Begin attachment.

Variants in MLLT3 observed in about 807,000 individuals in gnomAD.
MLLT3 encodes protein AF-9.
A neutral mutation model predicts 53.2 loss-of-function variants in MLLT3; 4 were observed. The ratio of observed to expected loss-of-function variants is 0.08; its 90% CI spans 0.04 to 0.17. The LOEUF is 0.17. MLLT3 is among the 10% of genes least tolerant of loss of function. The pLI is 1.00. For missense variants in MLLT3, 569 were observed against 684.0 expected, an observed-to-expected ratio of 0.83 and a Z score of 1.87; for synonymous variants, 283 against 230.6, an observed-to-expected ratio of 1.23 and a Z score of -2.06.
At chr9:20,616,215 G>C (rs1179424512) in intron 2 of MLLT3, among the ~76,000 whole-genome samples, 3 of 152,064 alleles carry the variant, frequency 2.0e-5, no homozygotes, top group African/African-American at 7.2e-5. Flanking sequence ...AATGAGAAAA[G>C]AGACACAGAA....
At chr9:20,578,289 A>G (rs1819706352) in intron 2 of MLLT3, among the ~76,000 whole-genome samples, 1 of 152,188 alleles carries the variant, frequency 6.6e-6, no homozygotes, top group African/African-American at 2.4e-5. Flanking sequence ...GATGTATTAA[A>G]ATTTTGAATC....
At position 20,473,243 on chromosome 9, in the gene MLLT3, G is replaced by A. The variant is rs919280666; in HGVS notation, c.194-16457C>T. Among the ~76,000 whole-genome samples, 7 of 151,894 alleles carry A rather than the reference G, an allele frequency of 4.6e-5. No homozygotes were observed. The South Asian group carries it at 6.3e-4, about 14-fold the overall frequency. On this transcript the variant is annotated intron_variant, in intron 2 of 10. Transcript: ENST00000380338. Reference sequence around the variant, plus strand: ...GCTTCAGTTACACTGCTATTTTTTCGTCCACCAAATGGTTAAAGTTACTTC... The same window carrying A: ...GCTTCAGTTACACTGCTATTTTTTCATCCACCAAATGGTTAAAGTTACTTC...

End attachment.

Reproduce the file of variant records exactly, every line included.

Variants in MLLT3 observed in about 807,000 individuals in gnomAD.
MLLT3 encodes protein AF-9.
A neutral mutation model predicts 53.2 loss-of-function variants in MLLT3; 4 were observed. The ratio of observed to expected loss-of-function variants is 0.08; its 90% CI spans 0.04 to 0.17. The LOEUF is 0.17. MLLT3 is among the 10% of genes least tolerant of loss of function. The pLI is 1.00. For missense variants in MLLT3, 569 were observed against 684.0 expected, an observed-to-expected ratio of 0.83 and a Z score of 1.87; for synonymous variants, 283 against 230.6, an observed-to-expected ratio of 1.23 and a Z score of -2.06.
At chr9:20,616,215 G>C (rs1179424512) in intron 2 of MLLT3, among the ~76,000 whole-genome samples, 3 of 152,064 alleles carry the variant, frequency 2.0e-5, no homozygotes, top group African/African-American at 7.2e-5. Flanking sequence ...AATGAGAAAA[G>C]AGACACAGAA....
At chr9:20,578,289 A>G (rs1819706352) in intron 2 of MLLT3, among the ~76,000 whole-genome samples, 1 of 152,188 alleles carries the variant, frequency 6.6e-6, no homozygotes, top group African/African-American at 2.4e-5. Flanking sequence ...GATGTATTAA[A>G]ATTTTGAATC....
At position 20,473,243 on chromosome 9, in the gene MLLT3, G is replaced by A. The variant is rs919280666; in HGVS notation, c.194-16457C>T. Among the ~76,000 whole-genome samples, 7 of 151,894 alleles carry A rather than the reference G, an allele frequency of 4.6e-5. No homozygotes were observed. The South Asian group carries it at 6.3e-4, about 14-fold the overall frequency. On this transcript the variant is annotated intron_variant, in intron 2 of 10. Transcript: ENST00000380338. Reference sequence around the variant, plus strand: ...GCTTCAGTTACACTGCTATTTTTTCGTCCACCAAATGGTTAAAGTTACTTC... The same window carrying A: ...GCTTCAGTTACACTGCTATTTTTTCATCCACCAAATGGTTAAAGTTACTTC...